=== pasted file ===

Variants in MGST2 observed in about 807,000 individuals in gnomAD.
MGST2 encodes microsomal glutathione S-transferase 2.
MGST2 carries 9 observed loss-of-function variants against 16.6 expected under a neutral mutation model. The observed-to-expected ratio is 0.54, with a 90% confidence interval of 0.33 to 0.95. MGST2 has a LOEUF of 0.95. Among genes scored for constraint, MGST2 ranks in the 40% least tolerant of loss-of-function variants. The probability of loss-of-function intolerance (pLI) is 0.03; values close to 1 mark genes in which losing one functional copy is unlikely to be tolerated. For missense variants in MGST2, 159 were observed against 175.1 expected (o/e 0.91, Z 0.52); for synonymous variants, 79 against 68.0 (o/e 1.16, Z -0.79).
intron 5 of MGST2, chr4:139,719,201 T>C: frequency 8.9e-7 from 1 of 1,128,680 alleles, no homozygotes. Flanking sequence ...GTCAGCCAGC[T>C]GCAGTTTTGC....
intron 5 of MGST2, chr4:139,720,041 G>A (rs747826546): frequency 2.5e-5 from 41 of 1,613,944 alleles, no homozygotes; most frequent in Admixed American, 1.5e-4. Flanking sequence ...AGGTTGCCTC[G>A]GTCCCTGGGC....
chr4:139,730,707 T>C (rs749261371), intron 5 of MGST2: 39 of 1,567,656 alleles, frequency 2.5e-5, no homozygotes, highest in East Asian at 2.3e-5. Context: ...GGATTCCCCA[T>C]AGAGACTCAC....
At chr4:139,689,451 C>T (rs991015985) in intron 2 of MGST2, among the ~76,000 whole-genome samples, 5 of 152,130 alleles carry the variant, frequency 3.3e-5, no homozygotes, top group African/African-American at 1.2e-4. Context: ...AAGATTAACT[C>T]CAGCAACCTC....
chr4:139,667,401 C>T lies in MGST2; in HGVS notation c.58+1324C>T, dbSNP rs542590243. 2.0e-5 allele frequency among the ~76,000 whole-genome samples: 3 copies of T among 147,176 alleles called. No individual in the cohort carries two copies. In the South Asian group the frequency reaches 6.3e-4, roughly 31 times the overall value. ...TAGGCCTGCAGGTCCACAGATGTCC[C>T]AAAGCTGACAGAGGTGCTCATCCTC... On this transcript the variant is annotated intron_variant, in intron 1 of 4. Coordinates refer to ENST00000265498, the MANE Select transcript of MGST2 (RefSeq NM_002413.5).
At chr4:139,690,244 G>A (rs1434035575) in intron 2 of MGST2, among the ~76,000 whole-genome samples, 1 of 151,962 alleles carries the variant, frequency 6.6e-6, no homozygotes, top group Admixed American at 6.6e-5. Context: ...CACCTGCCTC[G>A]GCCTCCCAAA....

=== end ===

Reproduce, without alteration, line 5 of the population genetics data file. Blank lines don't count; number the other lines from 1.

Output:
intron 5 of MGST2, chr4:139,720,041 G>A (rs747826546): frequency 2.5e-5 from 41 of 1,613,944 alleles, no homozygotes; most frequent in Admixed American, 1.5e-4. Flanking sequence ...AGGTTGCCTC[G>A]GTCCCTGGGC....